Steps a farm owner can take to prepare for an emergency situation on the farm include:

  • Invite emergency responders (e.g., fire department, EMS) to tour the farm;
  • Maintain current emergency contact information for farm owners, managers, and staff, as well as key business contacts;
  • Post the physical address, entrance, and GPS coordinates for the farm;
  • Sketch a map of the farm and important features;
  • List locations of emergency response equipment (e.g., first aid kits, fire extinguishers, personal protective equipment);
  • Maintain product safety data sheets;
  • Establish visitor capacity limits (buildings, attractions/rides, etc.);
  • Train employees on emergency response roles; and,
  • Post "In Case of Emergency" signs.

A Word on Insurance

Consult with a farm insurance provider about the types and levels of insurance that are appropriate for your enterprise. Review your insurance with your provider regularly (at least annually). It is important to consult with your insurance provider before changing the type(s) or extent of activities offered, or if anticipated visitation levels change significantly. You want to avoid the risk of having a claim denied because an activity was not specifically included in the farm's insurance policy.

Also, discuss strategies for transferring risk to third-party vendors that may be operating on your farm (e.g., a vendor selling food or pony ride operator). Be sure that such vendors possess any applicable licenses and demonstrate proof of appropriate insurance and name you (the farm/operator) as an "additional insured." As a specific example, ensure that outside vendors selling food on the farm have necessary approvals from a local health department. It is also advisable to have a written agreement with vendors that detail each party's responsibilities.

Final Thoughts

The guidance contained in this fact sheet does not constitute legal advice. Each farm has its own unique circumstances—safety factors, potential legal liabilities, insurance requirements, and optimal business organization. Further, the legal concepts of landowner liability for agritourism and on-farm direct marketing activities are evolving. Anyone engaged in agritourism, or thinking of developing an agritourism enterprise, should therefore obtain advice from qualified legal and insurance professionals. Also, consider having others (e.g., your county agricultural agent, insurance provider, local emergency services professional, etc.) walk through your farm to lend an impartial eye and help identify potential hazards that may be present.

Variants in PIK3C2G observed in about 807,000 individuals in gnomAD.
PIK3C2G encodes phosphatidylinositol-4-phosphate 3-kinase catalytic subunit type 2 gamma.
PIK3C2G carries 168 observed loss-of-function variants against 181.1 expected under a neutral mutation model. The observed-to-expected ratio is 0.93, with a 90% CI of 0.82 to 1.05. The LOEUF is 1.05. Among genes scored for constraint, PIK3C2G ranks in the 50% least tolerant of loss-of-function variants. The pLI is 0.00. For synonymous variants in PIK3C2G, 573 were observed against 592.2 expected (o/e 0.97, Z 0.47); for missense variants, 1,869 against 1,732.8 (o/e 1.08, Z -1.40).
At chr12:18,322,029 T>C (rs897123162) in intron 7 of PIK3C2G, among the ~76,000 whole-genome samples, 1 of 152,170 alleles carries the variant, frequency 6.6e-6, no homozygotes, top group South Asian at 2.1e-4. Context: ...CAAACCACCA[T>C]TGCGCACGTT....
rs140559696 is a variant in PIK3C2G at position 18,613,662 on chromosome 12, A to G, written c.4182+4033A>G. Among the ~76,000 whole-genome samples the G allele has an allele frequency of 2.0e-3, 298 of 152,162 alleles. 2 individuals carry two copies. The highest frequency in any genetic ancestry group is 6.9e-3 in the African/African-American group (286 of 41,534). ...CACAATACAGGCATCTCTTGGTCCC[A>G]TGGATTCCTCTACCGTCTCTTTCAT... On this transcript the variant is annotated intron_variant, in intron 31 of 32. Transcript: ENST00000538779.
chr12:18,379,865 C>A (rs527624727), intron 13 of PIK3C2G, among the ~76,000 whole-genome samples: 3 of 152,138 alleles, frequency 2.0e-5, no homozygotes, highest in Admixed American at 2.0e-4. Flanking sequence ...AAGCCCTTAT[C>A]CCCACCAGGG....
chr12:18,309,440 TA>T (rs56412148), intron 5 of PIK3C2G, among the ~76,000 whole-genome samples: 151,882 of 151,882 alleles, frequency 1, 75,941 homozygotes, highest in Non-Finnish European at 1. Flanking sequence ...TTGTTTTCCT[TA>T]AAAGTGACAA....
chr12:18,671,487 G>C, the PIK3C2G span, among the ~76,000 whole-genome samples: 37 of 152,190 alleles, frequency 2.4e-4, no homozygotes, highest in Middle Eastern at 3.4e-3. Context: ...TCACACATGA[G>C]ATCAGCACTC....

You are responsible for the safety and welfare of individuals from the moment they walk onto your farm. Keeping them safe is of paramount importance; but accidents invariably happen. Protecting your personal and business assets is therefore an essential risk management strategy.

For more resources on agritourism farm safety and liability management—including farm evaluation checklists, training videos, fact sheets, and a sample incident response form—please visit the New Jersey Agricultural Experiment Station's Extension Training for Agritourism Development website at agritourism.rutgers.edu/training.

References

  • Rutgers New Jersey Agricultural Experiment Station. Extension programming for agritourism website. Accessed on June 6, 2016 at agritourism.rutgers.edu/training.
  • Schilling, B., Sullivan, K. & Komar, S. (2012). Examining the economic benefits of agritourism: the case of New Jersey. Journal of Agriculture, Food Systems and Community Development 3(1): 199-214.

January 2017


  1. Rutgers
  2. Executive Dean of Agriculture and Natural Resources
  3. School of Environmental and Biological Sciences
Rutgers New Jersey Agricultural Experiment Station